Prevent Child Marriage in Afghanistan


Benesh, just 14 years old, lives with her husband and son at a camp for internally displaced people in the Badghis province of Afghanistan.

Afghanistan is one of the poorest countries in the world. Four decades of prolonged armed conflict, frequent natural disasters and resulting mass displacements have only served to further hinder development.

A deadly drought in 2018 caused a humanitarian crisis that has displaced more Afghans than the conflict between the Taliban and the government, pushing families across Afghanistan to the brink of desperation. ith no way out, families turn to child marriage to alleviate their situation

Every year, over 4.5 million girls under the age of 15 are married. That is one girl every 7 seconds. World Vision believes that at least four million girls are at risk of child marriage in the next two years because of the coronavirus pandemic. Deepening poverty caused by the loss of livelihoods, exacerbated by COVID19, is likely to drive more families to marry off their daughters early in Afghanistan.

Education is key to preventing child marriage.  It determines who thrives.  But girls in Afghanistan face many obstacles in their journey to get an education as cultural norms deprioritise their education and  frown upon girls socialising with other girls, let alone boys. This means girls have to be taught separately from boys.  In addition, they can only be taught by female teachers, and it is not easy to find educated and trained female teachers to conduct lessons.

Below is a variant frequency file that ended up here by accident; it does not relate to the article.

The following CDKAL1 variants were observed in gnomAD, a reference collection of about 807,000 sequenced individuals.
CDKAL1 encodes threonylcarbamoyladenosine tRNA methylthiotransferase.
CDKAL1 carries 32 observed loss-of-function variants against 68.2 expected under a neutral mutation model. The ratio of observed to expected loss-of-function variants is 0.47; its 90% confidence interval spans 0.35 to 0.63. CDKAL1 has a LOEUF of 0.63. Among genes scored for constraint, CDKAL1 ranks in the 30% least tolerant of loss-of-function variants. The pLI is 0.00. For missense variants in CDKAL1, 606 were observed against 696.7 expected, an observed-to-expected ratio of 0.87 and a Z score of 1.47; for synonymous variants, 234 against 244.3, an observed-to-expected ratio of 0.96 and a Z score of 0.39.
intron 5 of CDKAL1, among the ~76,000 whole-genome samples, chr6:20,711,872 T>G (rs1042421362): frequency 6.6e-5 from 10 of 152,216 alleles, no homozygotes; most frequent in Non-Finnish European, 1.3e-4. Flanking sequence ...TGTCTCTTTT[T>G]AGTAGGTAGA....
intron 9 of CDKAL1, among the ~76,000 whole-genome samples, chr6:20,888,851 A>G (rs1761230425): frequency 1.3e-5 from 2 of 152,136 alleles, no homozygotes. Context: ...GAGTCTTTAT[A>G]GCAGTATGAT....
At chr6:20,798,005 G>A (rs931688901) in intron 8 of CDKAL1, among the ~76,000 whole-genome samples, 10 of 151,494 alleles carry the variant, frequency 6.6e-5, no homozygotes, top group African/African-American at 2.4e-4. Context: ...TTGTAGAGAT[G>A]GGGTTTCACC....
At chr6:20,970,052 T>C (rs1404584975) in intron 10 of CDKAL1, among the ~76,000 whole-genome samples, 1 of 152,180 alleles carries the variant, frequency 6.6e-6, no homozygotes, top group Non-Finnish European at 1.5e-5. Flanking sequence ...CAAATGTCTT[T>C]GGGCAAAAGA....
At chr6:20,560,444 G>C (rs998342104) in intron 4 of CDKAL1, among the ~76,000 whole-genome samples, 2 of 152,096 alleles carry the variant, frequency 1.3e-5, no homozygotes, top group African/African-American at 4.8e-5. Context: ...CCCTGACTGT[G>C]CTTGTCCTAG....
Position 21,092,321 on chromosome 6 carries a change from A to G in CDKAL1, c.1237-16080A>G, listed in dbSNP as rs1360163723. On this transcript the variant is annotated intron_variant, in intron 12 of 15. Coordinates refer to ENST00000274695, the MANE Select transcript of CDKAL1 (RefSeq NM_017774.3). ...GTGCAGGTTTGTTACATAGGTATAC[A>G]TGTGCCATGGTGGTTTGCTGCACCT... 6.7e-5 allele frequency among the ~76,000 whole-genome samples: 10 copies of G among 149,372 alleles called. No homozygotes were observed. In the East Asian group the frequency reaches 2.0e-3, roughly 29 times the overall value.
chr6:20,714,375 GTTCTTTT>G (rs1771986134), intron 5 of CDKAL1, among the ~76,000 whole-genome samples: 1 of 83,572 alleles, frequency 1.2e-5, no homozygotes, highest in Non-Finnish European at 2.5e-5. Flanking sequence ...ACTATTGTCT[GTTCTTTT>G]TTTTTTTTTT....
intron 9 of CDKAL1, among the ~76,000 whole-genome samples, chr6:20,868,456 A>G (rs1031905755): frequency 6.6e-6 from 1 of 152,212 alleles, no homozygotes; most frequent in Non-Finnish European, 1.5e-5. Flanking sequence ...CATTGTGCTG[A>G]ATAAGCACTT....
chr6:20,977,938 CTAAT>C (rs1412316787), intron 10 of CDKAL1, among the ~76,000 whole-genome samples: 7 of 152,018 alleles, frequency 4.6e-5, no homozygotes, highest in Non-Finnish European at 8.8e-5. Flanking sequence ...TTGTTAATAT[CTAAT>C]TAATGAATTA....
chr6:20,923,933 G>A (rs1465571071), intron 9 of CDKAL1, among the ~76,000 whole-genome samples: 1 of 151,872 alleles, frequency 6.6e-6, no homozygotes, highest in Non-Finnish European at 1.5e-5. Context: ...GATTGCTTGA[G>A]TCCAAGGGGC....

Schools protect girls. They provide a safe space where young girls can not only get educated but where teachers and adults can keep watch and identify signs of abuse and intervene if necessary. Sending girls to school leads to higher literacy and increased wages. It lowers the chance of child marriage, delays first births and helps mothers plan how many children to have, to control their household sizes. It has a ripple effect on not just the girls, but on their families and communities, for generations.

World Vision is committed to prevent and reduce early child marriage rates from rising in Afghanistan. Your donation will go a long way in:

  • Supporting an accelerated learning programme that will give 300 out-of-school girls aged 10 – 15 years old an opportunity to complete primary school education in 3 years
  • Equip 200 out-of-school girls with livelihood skills through vocational training in handicrafts, baking and sewing
  • Work against harmful gender mindsets through life skills education for 400 adolescent girls and boys in their schools.
  • Educate 8,000 community leaders and members on the consequences of child marriage, champion against child, early and forced marriage and actively involve them in promoting a culture that will encourage education among girls

Now, more than ever, we have to  keep girls in school. Click here to help now. 

Written By: 
World Vision Singapore